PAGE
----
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The Changpas – Nomadic Life in Ladakh

The Changpa are semi-nomadic, high altitude (5328 m) Tibetan pastoralists found mainly in the Changtang region of Ladakh. Changpa means “northerners” in Tibetan. Unlike many other nomadic groups the Changpa are not under any pressure from settled farmers because the vast majority of land is too inhospitable for farming.

These nomads raise mainly yaks and goats. Pashmina goats grow a thick, warm fleece and are able to survive the winter where the temperatures can go as low as minus 35 degrees C. These goats provide the wool for the famous Pashmina shawls. Rice, grain and other basics are bought in trade.

Usually the nomads stay in one place for three to four months. They set up their tents, which are surprisingly cozy, and always have a Buddhist altar. The permanent stone walls give shelter to their livestock. Young goats are kept underground for warmth and to keep them safe.

Most nomad children usually go to boarding school. The parents seem happy with this education because they believe their children can have a better life. The older Changpas are proud of their traditions but realize that the new generations may not follow in their footsteps.

It is quite a drive to get to this part of Ladakh but well worth the long trip. Lake Tsomoriri was still frozen in early May. You need to be very well prepared to visit this area. Even in spring and summer you need a warm sleeping bag!

When I was there it was down to -25 degrees C at night. I was cold but also very happy I had this opportunity to visit with these amazing people.


The Changpa are semi-nomadic, high altitude (5328 m) Tibetan pastoralists found mainly in the Changtang region of Ladakh. Changpa means “northerners” in Tibetan. Unlike many other nomadic groups the Changpa are not under any pressure from settled farmers because the vast majority of land is too inhospitable for farming.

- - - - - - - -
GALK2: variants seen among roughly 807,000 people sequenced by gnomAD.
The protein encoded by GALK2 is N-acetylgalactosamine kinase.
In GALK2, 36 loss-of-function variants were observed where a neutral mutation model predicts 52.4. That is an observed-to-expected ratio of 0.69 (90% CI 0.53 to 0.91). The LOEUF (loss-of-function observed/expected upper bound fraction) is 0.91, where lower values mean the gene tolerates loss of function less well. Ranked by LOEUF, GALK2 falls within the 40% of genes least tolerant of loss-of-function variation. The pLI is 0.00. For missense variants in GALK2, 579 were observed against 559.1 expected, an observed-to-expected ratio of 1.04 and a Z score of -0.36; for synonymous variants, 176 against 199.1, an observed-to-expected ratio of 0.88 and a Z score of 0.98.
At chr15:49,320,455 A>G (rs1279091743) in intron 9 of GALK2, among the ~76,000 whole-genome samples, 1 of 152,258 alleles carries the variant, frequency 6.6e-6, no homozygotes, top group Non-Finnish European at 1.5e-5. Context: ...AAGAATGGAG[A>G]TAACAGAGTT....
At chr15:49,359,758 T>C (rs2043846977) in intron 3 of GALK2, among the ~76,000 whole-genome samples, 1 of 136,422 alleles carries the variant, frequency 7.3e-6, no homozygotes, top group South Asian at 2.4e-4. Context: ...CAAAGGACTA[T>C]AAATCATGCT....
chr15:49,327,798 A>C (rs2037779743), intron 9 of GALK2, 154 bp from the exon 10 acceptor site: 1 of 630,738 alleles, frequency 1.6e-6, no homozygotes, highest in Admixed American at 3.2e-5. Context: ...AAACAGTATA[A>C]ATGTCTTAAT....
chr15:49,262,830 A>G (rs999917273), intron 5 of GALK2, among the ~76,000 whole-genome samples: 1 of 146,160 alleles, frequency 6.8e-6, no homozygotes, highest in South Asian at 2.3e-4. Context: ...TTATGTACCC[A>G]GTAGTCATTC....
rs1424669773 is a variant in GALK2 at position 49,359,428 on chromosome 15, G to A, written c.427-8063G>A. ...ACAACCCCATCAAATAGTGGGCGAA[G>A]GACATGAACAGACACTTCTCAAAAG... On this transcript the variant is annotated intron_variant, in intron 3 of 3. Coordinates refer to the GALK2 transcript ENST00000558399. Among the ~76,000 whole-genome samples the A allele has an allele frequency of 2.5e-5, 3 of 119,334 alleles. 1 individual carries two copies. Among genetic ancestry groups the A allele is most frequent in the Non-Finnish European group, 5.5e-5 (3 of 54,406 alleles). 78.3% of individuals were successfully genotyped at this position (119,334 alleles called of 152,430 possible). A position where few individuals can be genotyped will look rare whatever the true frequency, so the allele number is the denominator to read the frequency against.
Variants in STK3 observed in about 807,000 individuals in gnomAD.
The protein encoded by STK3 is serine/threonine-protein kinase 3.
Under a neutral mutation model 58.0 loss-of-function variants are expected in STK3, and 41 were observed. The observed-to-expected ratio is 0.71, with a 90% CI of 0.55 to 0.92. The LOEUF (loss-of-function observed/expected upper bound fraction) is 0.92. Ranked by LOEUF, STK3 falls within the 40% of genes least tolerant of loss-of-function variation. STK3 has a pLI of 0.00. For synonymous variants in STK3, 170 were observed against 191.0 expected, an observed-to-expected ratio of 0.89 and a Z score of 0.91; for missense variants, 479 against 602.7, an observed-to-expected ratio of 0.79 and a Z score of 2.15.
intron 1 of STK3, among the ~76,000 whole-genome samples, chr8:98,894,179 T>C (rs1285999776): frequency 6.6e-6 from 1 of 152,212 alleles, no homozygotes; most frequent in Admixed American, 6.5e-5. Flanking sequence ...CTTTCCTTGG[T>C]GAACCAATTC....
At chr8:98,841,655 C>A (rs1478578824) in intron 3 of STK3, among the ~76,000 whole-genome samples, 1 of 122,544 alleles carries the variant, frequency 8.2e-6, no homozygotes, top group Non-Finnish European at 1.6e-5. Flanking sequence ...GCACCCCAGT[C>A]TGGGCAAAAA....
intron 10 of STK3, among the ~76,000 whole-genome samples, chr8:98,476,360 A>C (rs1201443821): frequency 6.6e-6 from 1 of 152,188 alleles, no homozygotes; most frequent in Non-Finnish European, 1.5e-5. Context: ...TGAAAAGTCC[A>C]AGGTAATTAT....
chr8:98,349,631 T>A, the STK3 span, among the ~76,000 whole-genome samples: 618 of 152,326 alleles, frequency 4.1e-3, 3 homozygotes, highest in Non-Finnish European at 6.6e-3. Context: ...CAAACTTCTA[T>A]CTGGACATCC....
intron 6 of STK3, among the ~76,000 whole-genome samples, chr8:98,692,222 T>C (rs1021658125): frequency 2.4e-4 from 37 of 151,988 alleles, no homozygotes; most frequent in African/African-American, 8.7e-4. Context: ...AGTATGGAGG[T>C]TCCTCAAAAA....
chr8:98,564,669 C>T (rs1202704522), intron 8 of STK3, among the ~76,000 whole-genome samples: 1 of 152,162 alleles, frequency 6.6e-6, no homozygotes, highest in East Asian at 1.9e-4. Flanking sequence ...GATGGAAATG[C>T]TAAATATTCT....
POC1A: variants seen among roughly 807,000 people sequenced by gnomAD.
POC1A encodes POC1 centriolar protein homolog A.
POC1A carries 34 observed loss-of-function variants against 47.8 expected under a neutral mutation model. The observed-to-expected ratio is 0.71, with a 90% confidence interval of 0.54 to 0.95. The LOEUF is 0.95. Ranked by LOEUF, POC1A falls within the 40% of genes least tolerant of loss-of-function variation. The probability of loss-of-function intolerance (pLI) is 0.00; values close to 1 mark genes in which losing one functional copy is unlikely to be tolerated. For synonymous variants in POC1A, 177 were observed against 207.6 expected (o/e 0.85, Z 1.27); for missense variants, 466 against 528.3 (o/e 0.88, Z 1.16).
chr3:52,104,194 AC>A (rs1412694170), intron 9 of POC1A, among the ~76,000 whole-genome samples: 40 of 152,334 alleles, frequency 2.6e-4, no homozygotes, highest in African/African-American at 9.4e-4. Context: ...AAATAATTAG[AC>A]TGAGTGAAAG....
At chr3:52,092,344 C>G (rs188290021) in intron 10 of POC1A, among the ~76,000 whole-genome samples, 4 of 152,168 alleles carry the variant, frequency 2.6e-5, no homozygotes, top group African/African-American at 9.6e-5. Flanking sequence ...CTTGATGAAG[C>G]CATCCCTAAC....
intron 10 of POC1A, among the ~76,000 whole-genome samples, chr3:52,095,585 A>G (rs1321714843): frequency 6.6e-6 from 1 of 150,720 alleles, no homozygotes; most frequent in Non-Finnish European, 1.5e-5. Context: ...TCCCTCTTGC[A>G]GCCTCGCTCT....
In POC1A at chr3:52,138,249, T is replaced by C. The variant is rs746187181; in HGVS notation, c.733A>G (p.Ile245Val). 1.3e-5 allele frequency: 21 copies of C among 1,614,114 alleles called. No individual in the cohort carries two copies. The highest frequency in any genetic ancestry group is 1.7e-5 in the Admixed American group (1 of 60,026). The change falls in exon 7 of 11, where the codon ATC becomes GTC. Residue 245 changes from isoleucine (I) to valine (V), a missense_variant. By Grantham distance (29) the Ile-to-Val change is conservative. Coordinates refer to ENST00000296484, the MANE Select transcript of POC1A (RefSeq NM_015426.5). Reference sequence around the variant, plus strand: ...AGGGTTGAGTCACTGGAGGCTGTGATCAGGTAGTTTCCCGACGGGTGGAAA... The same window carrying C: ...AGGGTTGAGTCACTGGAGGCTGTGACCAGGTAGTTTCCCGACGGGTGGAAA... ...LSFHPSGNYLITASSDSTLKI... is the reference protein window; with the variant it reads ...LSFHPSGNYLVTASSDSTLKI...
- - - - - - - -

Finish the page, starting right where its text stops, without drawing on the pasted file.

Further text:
These nomads raise mainly yaks and goats. Pashmina goats grow a thick, warm fleece and are able to survive the winter where the temperatures can go as low as minus 35 degrees C. These goats provide the wool for the famous Pashmina shawls. Rice, grain and other basics are bought in trade.

Usually the nomads stay in one place for three to four months. They set up their tents, which are surprisingly cozy, and always have a Buddhist altar. The permanent stone walls give shelter to their livestock. Young goats are kept underground for warmth and to keep them safe.

Most nomad children usually go to boarding school. The parents seem happy with this education because they believe their children can have a better life. The older Changpas are proud of their traditions but realize that the new generations may not follow in their footsteps.

It is quite a drive to get to this part of Ladakh but well worth the long trip. Lake Tsomoriri was still frozen in early May. You need to be very well prepared to visit this area. Even in spring and summer you need a warm sleeping bag!

When I was there it was down to -25 degrees C at night. I was cold but also very happy I had this opportunity to visit with these amazing people.

#Changpas #Ladakh

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© 2020 by Michele Zousmer Photography